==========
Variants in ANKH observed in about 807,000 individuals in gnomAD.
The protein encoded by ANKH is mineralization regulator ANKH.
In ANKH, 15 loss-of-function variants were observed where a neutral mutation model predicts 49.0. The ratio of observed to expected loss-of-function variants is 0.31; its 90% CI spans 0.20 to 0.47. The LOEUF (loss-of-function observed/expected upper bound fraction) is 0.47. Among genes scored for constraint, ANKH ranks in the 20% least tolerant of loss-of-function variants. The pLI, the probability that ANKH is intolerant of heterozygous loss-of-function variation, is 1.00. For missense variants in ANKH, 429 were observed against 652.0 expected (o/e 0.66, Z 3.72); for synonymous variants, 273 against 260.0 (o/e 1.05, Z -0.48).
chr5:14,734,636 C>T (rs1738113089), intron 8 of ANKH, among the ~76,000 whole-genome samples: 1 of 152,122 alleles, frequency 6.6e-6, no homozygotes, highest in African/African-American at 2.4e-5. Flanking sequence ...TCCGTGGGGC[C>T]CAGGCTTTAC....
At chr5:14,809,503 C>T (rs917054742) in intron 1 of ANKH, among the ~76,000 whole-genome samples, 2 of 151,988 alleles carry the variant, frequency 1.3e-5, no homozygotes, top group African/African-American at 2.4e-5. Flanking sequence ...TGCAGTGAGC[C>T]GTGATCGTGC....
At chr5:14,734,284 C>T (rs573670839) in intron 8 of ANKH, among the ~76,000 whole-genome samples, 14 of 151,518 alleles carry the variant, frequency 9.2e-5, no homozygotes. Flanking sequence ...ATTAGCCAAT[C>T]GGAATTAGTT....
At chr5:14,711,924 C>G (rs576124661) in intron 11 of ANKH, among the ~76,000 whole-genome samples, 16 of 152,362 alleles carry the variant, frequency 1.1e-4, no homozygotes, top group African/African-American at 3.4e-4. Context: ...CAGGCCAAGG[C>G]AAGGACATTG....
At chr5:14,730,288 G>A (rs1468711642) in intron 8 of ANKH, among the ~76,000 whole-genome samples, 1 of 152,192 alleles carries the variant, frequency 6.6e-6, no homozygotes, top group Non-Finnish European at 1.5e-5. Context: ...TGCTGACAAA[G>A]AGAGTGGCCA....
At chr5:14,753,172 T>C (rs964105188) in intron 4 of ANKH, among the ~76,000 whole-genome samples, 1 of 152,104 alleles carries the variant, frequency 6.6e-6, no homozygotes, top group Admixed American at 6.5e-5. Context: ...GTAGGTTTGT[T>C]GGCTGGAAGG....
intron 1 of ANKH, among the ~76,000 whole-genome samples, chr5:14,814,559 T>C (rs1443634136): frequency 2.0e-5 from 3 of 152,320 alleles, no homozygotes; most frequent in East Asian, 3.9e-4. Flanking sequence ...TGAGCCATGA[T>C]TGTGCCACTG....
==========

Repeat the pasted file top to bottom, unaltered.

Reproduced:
Variants in ANKH observed in about 807,000 individuals in gnomAD.
The protein encoded by ANKH is mineralization regulator ANKH.
In ANKH, 15 loss-of-function variants were observed where a neutral mutation model predicts 49.0. The ratio of observed to expected loss-of-function variants is 0.31; its 90% CI spans 0.20 to 0.47. The LOEUF (loss-of-function observed/expected upper bound fraction) is 0.47. Among genes scored for constraint, ANKH ranks in the 20% least tolerant of loss-of-function variants. The pLI, the probability that ANKH is intolerant of heterozygous loss-of-function variation, is 1.00. For missense variants in ANKH, 429 were observed against 652.0 expected (o/e 0.66, Z 3.72); for synonymous variants, 273 against 260.0 (o/e 1.05, Z -0.48).
chr5:14,734,636 C>T (rs1738113089), intron 8 of ANKH, among the ~76,000 whole-genome samples: 1 of 152,122 alleles, frequency 6.6e-6, no homozygotes, highest in African/African-American at 2.4e-5. Flanking sequence ...TCCGTGGGGC[C>T]CAGGCTTTAC....
At chr5:14,809,503 C>T (rs917054742) in intron 1 of ANKH, among the ~76,000 whole-genome samples, 2 of 151,988 alleles carry the variant, frequency 1.3e-5, no homozygotes, top group African/African-American at 2.4e-5. Flanking sequence ...TGCAGTGAGC[C>T]GTGATCGTGC....
At chr5:14,734,284 C>T (rs573670839) in intron 8 of ANKH, among the ~76,000 whole-genome samples, 14 of 151,518 alleles carry the variant, frequency 9.2e-5, no homozygotes. Flanking sequence ...ATTAGCCAAT[C>T]GGAATTAGTT....
At chr5:14,711,924 C>G (rs576124661) in intron 11 of ANKH, among the ~76,000 whole-genome samples, 16 of 152,362 alleles carry the variant, frequency 1.1e-4, no homozygotes, top group African/African-American at 3.4e-4. Context: ...CAGGCCAAGG[C>G]AAGGACATTG....
At chr5:14,730,288 G>A (rs1468711642) in intron 8 of ANKH, among the ~76,000 whole-genome samples, 1 of 152,192 alleles carries the variant, frequency 6.6e-6, no homozygotes, top group Non-Finnish European at 1.5e-5. Context: ...TGCTGACAAA[G>A]AGAGTGGCCA....
At chr5:14,753,172 T>C (rs964105188) in intron 4 of ANKH, among the ~76,000 whole-genome samples, 1 of 152,104 alleles carries the variant, frequency 6.6e-6, no homozygotes, top group Admixed American at 6.5e-5. Context: ...GTAGGTTTGT[T>C]GGCTGGAAGG....
intron 1 of ANKH, among the ~76,000 whole-genome samples, chr5:14,814,559 T>C (rs1443634136): frequency 2.0e-5 from 3 of 152,320 alleles, no homozygotes; most frequent in East Asian, 3.9e-4. Flanking sequence ...TGAGCCATGA[T>C]TGTGCCACTG....